8. #8
    iresq
    Firehouse.com Guest

    Thumbs down

    A driver/pump operator's primary concern is the apparatus. Even on a simple grass fire, he should not leave the vehicle. What if something happened to him? Would junior boy drive home? What if something happened to the pump? Would jr. have the knowledge to take the appropriate actions that could save a life or prevent major pump damage? I think not. If you need more resources, call for them.

  9. #9
    SBFire333
    Firehouse.com Guest

    Thumbs down

    I beleive you should know how to be a Fire Fighter before even thinking about learning to become an MPO. I understand that some Depts. have staffing shortages and are ill expericeed due too lack of calls, but lets not stick someone in charge of running a piece of equipment that has lives attached to it. They are new to the fire service and in experienced at it. Let them learn to be a fire fighter first.

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    The opinions and views expressed herin are solely mine and not on the behalf of the organization I belong to.

  10. #10
    Bob Snyder
    Firehouse.com Guest

    Exclamation

    First off, this would be flat out illegal in PA. The section of the Child Labor Laws governing junior members under 18 years of age forbids this particular activity, among others.

    Second, if you can't turn out more people than this for calls on a regular basis, or at specific times of the day or week, then you need to augment your response with automatic mutual aid, at least during your low-manpower times. I don't need to know the rest of the circumstances to make that statement.

    Third, the importance of the activities of the pump operator to the safety of personnel and the success of the operation demands that the pump operator be seasoned and experienced enough to understand not only what's going on at the pump, but what's going on around the rest of the scene. I've often been told that when picking a safety officer, you should pick someone as or more qualified than you are to run the scene. A similar criteria should apply to the pump operator...he/she should be as good or better than you at that pump.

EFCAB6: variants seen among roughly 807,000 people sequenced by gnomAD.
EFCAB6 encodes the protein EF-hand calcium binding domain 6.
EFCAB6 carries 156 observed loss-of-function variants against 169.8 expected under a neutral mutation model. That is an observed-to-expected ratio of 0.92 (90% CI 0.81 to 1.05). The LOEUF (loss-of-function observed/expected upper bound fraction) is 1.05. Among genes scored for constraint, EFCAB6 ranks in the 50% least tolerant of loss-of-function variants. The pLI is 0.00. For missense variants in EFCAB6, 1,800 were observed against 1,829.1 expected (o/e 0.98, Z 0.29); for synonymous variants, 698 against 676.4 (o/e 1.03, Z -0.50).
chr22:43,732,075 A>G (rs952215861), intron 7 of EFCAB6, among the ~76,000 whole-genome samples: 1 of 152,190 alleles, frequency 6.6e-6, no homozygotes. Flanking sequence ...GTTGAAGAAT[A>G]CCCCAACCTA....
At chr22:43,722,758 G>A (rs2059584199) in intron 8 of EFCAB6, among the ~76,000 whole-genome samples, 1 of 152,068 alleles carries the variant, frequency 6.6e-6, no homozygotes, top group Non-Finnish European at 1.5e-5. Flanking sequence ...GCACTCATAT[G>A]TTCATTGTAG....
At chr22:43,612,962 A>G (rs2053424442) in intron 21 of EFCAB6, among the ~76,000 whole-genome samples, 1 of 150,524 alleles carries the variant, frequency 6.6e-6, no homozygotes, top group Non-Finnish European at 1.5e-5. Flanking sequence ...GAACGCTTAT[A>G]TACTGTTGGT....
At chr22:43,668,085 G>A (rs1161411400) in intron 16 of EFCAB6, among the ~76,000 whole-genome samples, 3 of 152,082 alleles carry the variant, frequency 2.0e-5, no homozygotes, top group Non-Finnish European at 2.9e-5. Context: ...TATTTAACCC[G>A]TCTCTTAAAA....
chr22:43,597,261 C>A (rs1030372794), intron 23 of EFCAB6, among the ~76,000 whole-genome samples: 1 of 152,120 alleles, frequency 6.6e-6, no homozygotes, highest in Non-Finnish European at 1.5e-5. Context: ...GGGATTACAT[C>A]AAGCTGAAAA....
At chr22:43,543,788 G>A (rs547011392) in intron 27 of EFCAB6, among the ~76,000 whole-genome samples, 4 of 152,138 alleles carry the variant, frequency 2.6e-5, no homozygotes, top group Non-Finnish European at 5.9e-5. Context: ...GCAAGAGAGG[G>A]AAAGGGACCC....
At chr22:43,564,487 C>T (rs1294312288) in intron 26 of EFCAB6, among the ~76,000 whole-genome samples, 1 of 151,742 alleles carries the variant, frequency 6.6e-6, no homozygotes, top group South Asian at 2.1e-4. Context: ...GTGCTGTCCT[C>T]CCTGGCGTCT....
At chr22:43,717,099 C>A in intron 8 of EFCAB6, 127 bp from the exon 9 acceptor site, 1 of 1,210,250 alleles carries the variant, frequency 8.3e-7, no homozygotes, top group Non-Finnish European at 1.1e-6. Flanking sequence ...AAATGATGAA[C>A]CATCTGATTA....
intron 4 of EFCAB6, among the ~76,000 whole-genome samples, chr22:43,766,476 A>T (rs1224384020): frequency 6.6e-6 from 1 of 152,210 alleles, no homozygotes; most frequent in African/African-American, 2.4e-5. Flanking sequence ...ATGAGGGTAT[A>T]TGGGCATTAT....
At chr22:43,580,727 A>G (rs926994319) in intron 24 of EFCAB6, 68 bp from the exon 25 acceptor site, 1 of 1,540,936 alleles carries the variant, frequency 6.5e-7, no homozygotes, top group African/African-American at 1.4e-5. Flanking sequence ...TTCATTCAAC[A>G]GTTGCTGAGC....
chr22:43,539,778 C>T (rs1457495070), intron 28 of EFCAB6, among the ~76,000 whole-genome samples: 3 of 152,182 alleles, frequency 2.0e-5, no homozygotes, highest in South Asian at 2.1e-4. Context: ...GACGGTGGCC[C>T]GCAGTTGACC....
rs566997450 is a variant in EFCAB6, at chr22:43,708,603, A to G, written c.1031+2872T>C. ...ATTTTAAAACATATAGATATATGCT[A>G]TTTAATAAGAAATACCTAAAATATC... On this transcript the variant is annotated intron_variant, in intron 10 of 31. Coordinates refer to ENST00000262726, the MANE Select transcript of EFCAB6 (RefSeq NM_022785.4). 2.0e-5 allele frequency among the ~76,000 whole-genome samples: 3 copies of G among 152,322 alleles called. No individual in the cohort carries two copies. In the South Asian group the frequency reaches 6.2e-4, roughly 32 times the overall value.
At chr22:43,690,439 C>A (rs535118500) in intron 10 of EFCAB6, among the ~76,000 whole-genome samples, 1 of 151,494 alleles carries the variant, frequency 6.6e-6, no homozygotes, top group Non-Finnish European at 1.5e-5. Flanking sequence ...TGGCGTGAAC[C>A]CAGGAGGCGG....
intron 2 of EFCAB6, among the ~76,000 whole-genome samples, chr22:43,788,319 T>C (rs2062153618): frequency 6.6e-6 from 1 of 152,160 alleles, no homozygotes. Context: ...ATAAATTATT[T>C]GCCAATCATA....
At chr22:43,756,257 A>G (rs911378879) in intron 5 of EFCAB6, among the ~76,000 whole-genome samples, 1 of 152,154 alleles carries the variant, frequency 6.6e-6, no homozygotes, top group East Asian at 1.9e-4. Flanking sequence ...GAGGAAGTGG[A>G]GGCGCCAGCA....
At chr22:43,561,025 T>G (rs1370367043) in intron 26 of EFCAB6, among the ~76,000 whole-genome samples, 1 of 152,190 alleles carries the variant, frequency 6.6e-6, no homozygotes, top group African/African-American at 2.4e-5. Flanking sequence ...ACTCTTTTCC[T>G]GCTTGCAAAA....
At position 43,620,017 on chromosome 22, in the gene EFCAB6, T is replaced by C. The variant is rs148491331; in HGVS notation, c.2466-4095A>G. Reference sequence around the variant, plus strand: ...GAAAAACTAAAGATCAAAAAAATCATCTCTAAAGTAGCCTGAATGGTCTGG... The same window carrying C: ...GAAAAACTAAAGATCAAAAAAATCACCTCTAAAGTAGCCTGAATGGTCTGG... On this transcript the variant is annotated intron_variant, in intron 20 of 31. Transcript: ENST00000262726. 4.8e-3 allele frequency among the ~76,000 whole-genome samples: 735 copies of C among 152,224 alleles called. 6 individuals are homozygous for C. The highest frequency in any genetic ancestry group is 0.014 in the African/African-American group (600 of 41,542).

11. #11
    Quigs
    Firehouse.com Guest

    Post

    My department is "fully" ( ha ha ) staffed by career personnel. New Hires, no matter what their experience, are not permitted to be operators until they have completed their 3 year apprenticeship on the job. During their 3 years, they are trained and drilled on a regular basis, and are always with one of our older chauffers. No one is put behind the wheel until our BC, Capt. Sr. Chauffer, and the new guy all feel comfortable.

    As for Volunteer companies, I'm sure there are companies that have "jr's" that have practically been raised by their dads or moms at the firehouse. I think the volunteers need to do what they feel is best for them on an individual basis. If you feel little johnny can manage the pumps at a grass fire, or a car fire or something, thats fine. I personally don't want someone who can't handle the job on the supply end of my knob, but I'm sure there are some kids out there who can handle it better than some older men...

    If there is a staffing problem in your department, and you only have little johnny and his dad on the first-in, your town needs to look at ways of better staffing their department. Even if little johnny can work the pump... daddy shouldn't be pulling a line inside by himself.

    Stay safe.
    Quigs

  12. #12
    Fyrball105
    Firehouse.com Guest

    Question

    OK, I'm back again, I'm not able to keep my mouth shut on here, so here's my feelings. I feel that a Jr. on the pump can and does work, I come though the Jr Squad at my dept.and the first classes we had was on pumper. I took the fire department engineer class at 16, and it was the jrs that got put on pumps to free all firefighters for fighting the fire. It was no uncommen for me to ride to scene in truck, then run the pump while my driver fight fire.I'm 26 now and an advisor on our explorer post and teaching these guys the pump. IF Not for one of my explorers, on two fires we'd had some guys hurt when the driver of the truck was unable to get water!!! YOU SEE THAT? a 14 y.o. saved the day!! and as using jrs on small fires, things like that I say do it, they have to get pump time somehow, that brings them up makes them good on pumps.